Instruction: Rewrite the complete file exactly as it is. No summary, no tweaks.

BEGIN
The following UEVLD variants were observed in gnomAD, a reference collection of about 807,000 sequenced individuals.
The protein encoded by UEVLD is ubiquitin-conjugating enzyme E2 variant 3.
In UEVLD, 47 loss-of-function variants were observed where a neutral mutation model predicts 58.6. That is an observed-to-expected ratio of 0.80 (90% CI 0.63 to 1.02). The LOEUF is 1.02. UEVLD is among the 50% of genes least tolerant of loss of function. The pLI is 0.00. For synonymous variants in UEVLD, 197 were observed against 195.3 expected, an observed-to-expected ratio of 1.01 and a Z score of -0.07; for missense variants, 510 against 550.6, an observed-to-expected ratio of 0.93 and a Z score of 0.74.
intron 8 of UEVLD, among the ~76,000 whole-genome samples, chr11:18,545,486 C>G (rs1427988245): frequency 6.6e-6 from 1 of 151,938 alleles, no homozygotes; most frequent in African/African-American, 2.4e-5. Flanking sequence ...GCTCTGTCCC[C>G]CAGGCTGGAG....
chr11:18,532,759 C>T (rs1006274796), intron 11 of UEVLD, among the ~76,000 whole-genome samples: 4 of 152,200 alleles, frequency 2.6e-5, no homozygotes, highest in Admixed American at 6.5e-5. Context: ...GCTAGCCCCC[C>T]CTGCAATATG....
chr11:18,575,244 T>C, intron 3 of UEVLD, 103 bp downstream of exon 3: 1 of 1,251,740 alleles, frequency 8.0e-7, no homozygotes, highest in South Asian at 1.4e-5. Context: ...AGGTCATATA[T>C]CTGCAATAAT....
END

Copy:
The following UEVLD variants were observed in gnomAD, a reference collection of about 807,000 sequenced individuals.
The protein encoded by UEVLD is ubiquitin-conjugating enzyme E2 variant 3.
In UEVLD, 47 loss-of-function variants were observed where a neutral mutation model predicts 58.6. That is an observed-to-expected ratio of 0.80 (90% CI 0.63 to 1.02). The LOEUF is 1.02. UEVLD is among the 50% of genes least tolerant of loss of function. The pLI is 0.00. For synonymous variants in UEVLD, 197 were observed against 195.3 expected, an observed-to-expected ratio of 1.01 and a Z score of -0.07; for missense variants, 510 against 550.6, an observed-to-expected ratio of 0.93 and a Z score of 0.74.
intron 8 of UEVLD, among the ~76,000 whole-genome samples, chr11:18,545,486 C>G (rs1427988245): frequency 6.6e-6 from 1 of 151,938 alleles, no homozygotes; most frequent in African/African-American, 2.4e-5. Flanking sequence ...GCTCTGTCCC[C>G]CAGGCTGGAG....
chr11:18,532,759 C>T (rs1006274796), intron 11 of UEVLD, among the ~76,000 whole-genome samples: 4 of 152,200 alleles, frequency 2.6e-5, no homozygotes, highest in Admixed American at 6.5e-5. Context: ...GCTAGCCCCC[C>T]CTGCAATATG....
chr11:18,575,244 T>C, intron 3 of UEVLD, 103 bp downstream of exon 3: 1 of 1,251,740 alleles, frequency 8.0e-7, no homozygotes, highest in South Asian at 1.4e-5. Context: ...AGGTCATATA[T>C]CTGCAATAAT....